The baghouse filtration system of the present invention includes a housing that is divided into a first plenum and a second plenum by a tube sheet. The tube sheet is substantially planar and includes a number of spaced-apart apertures that extend through the sheet. The system further includes a number of filter elements, with each filter element coupled to the tube sheet at an aperture. The system also includes at least one pre-collector body component and at least one discharge electrode. Each body component is positioned in close proximity to the lower end of a filter element. Each discharge electrode is positioned some distance away from the body components. Preferably, each body component is coupled to the lower end of a filter element. Each body component and discharge electrode is coupled to a voltage source or sources so that there is an electrical potential present between them. In one embodiment, each body component is electrically coupled to ground and each discharge electrode is electrically coupled to a negative voltage. A body component may have any one of a number of shapes. In one embodiment, each body component is cylindrical and has a continuous sidewall. In a further embodiment, each body component sidewall is perforated.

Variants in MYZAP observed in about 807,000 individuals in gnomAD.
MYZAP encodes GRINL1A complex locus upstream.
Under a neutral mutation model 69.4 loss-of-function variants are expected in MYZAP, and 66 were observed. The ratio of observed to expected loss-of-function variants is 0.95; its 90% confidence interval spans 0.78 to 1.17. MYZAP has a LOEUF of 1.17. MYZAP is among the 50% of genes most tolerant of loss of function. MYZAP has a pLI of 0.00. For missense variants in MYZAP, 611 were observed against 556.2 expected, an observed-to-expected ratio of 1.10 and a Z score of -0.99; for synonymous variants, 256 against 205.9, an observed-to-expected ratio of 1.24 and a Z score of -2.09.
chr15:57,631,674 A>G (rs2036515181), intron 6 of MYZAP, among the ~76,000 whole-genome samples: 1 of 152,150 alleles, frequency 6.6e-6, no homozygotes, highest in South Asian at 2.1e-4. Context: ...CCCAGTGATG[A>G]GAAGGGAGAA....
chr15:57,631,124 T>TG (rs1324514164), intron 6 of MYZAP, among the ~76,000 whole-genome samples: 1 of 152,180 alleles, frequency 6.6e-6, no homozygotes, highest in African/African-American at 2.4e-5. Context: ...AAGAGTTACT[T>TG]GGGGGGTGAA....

In operation, particulate-laden gas enters the first plenum through an inlet. Once in the first plenum, the gas passes adjacent to the pre-collector apparatus where the difference in the electrical potential between the discharge electrode and the body component causes at least a portion of the particulate matter in the gas to collect on the body component. Thereafter, the gas passes through a filter element causing particulate matter still carried by the gas to engage the exterior of the filter element and either accumulate on the filter element or separate from the gas and fall to the lower portion of the first plenum. The gas then passes from the interior space of the filter assembly through an aperture in the tube sheet and into the second plenum. The gas exits the system through an outlet.
Further features of the present invention will become apparent to those skilled in the art to which the present invention relates from reading the following description with reference to the accompanying drawings, in which:
A filtration system 10 according to one embodiment of the present invention is illustrated in
The housing 20 is divided into a first plenum 30 and a second plenum 40 by a tube sheet 50. A suitable material for both the housing 20 and the tube sheet 50 is metal plate. The housing 20 also includes an inlet 60 that is in fluid communication with the first plenum 30 and an outlet 70 that is in fluid communication with the second plenum 40. An accumulation chamber 80 is located at the lower end of the first plenum 30 and is defined by irregularly shaped and sloped walls. For example, the accumulation chamber 80 has a V-shaped cross-section, as illustrated in